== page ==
Nonetheless, to put the reform of the governance structures on the agenda of the College is a welcome and positive step which we must pursue with vigour. What the renewed governance relationships should look like is exactly what we need to define. The development of organisational structures that can genuinely support engagement and democratic processes in a body as large and complex as the RACP remains a challenge. If we are able to find a way to decentralise decision-making, increase consultativeness, enhance accountability, and guarantee of openness and transparency we may be able to create an example that can be replicated by other membership-based civil society organisations across our two countries.
It is to be hoped that the conversation about constitutional renewal can be initiated quickly and conducted civilly, respectfully and with full inclusiveness.
Professor Paul Komesaroff FRACP AM
President Adult Medicine Division
Telephone: +61 (0)417 55 26 59
As always, I am keen to receive comments, thoughts, and suggestions about the ideas contained in this article.
AChAM President’s Report
All AChAM Fellows and trainees should have received the AChAM Committee’s consultation on the draft Addiction Medicine Evolve List of low value clinical practices. I strongly encourage you to review the list and send your feedback and comments to email@example.com. Feedback is due today, however, if you make a submission over this weekend it will still be considered.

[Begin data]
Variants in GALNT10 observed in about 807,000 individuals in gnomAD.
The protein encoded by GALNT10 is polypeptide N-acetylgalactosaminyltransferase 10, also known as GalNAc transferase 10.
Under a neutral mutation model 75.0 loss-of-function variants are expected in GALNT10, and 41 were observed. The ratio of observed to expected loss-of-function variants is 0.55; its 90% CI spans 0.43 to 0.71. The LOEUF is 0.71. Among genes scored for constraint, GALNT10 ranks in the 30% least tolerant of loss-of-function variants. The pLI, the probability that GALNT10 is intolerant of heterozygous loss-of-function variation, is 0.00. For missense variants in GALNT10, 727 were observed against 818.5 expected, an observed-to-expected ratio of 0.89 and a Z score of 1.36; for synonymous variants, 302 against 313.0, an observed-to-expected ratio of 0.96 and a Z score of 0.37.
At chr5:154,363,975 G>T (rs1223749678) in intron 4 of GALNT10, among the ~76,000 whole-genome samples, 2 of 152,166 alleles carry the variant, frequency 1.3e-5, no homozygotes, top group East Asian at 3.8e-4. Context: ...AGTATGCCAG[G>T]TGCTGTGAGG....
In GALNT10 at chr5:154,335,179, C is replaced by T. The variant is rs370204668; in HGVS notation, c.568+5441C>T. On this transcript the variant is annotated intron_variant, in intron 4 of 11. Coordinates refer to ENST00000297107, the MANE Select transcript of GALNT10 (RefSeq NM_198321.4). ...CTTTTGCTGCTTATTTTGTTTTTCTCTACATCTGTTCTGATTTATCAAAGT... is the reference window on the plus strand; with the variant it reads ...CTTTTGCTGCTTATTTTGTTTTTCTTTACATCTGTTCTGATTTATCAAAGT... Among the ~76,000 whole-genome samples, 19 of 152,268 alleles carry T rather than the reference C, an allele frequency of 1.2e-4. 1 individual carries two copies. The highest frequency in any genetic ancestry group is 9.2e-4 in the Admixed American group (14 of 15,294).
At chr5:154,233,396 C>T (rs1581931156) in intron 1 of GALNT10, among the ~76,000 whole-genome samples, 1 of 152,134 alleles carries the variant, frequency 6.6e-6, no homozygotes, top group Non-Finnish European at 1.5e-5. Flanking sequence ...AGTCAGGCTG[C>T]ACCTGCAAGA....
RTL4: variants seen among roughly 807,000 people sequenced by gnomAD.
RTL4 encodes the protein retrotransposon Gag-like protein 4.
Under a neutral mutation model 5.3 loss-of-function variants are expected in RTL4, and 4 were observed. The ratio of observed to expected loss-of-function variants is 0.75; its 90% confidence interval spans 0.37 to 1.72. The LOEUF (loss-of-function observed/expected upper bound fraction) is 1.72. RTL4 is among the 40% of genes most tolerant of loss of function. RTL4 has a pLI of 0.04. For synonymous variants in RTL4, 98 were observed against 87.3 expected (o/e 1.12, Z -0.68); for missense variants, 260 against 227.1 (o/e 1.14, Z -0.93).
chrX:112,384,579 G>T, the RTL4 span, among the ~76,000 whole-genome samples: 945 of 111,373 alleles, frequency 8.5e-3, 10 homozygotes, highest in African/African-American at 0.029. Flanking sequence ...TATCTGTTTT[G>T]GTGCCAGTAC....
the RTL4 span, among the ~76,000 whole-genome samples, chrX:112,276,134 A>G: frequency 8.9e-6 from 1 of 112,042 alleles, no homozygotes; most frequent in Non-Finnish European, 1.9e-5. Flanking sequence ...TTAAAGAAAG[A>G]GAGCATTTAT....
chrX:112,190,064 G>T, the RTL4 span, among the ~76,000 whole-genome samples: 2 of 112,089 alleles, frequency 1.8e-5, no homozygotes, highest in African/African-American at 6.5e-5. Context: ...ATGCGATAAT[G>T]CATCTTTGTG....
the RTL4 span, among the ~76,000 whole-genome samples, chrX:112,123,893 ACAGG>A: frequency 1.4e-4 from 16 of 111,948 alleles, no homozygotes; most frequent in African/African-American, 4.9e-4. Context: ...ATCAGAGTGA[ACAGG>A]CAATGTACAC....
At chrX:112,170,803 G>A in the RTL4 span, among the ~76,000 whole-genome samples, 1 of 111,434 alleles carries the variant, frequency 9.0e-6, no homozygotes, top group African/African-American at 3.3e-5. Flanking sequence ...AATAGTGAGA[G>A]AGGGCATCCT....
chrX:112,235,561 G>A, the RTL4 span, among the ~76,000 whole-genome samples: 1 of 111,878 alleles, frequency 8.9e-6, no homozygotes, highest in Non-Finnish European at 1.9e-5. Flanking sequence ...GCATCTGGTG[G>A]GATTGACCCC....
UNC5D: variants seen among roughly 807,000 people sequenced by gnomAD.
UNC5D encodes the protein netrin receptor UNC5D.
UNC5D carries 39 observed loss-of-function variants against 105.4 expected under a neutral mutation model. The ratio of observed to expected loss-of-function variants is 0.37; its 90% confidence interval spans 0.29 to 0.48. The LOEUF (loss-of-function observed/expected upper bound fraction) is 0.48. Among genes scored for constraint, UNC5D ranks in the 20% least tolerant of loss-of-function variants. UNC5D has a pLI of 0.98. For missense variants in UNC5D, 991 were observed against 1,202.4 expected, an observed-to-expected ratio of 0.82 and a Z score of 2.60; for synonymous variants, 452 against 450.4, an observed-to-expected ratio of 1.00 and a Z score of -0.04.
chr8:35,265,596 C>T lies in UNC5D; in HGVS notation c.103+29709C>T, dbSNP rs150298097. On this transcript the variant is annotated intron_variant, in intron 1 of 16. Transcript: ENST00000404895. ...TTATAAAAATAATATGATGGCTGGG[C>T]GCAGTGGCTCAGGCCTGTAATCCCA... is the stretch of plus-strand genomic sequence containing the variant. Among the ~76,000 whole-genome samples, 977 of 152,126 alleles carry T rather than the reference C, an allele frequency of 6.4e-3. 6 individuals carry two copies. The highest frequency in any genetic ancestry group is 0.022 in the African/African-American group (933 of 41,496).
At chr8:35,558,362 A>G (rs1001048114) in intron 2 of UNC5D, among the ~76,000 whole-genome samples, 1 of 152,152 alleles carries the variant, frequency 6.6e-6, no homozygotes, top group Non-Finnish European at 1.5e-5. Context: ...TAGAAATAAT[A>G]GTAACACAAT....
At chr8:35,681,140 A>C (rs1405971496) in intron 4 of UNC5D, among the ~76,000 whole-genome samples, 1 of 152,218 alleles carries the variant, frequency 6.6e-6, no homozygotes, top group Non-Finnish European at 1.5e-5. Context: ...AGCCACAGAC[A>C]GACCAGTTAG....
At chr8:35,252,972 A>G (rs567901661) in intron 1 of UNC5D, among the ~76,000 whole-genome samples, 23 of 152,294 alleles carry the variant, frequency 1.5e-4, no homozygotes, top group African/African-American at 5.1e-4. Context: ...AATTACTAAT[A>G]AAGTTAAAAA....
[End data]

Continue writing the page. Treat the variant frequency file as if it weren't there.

For those unfamiliar with Evolve, it is an initiative led by specialists at the RACP to drive high-value, high-quality care in Australia and New Zealand. The Evolve initiative identifies a specialty's Top Five clinical practices that, in particular circumstances, may be overused, provide little or no benefit or cause unnecessary harm. The Evolve initiative aims to change clinical behaviour, decision-making and reduce low-value care by developing and implementing strategies to support physicians. You can find out more information here.
The Chapter Committee will hold its next meeting at the College on Friday, 21 June 2019. If you have any feedback, questions or comments for us, you can get in touch with the Committee via our secretariat at AddictionMed@racp.edu.au.
Dr Martyn Lloyd-Jones
Australasian Chapter of Addiction Medicine
AChPM President’s Report
The AChPM Committee has been reviewing the Palliative Medicine Evolve List of low value practices and interventions over recent months. The list has been updated to focus more clearly on specialty-specific practices as the focus of Evolve has shifted in recent years to be more specialty-specific. Two of the previous recommendations have been replaced with the remaining three unchanged.
One of the two newly developed recommendations asks palliative care specialists to limit routine use of antipsychotic drugs to manage symptoms of delirium. This reflects current evidence that antipsychotics are associated with increased symptoms and reduced survival in patients with mild-to moderate-severity delirium. The second recommendation calls on physicians to target referrals to bereavement services at those family members and caregivers who are experiencing more complicated forms of grief. Evidence shows that most of the bereaved are resilient and there is no empirical basis for offering routine referrals to bereavement services to relatives of patients in palliative settings.
You can view the updated Palliative Medicine Evolve List in full here with the new recommendations highlighted. I encourage you to review and submit your feedback and comments to firstname.lastname@example.org by Thursday, 16 May 2019.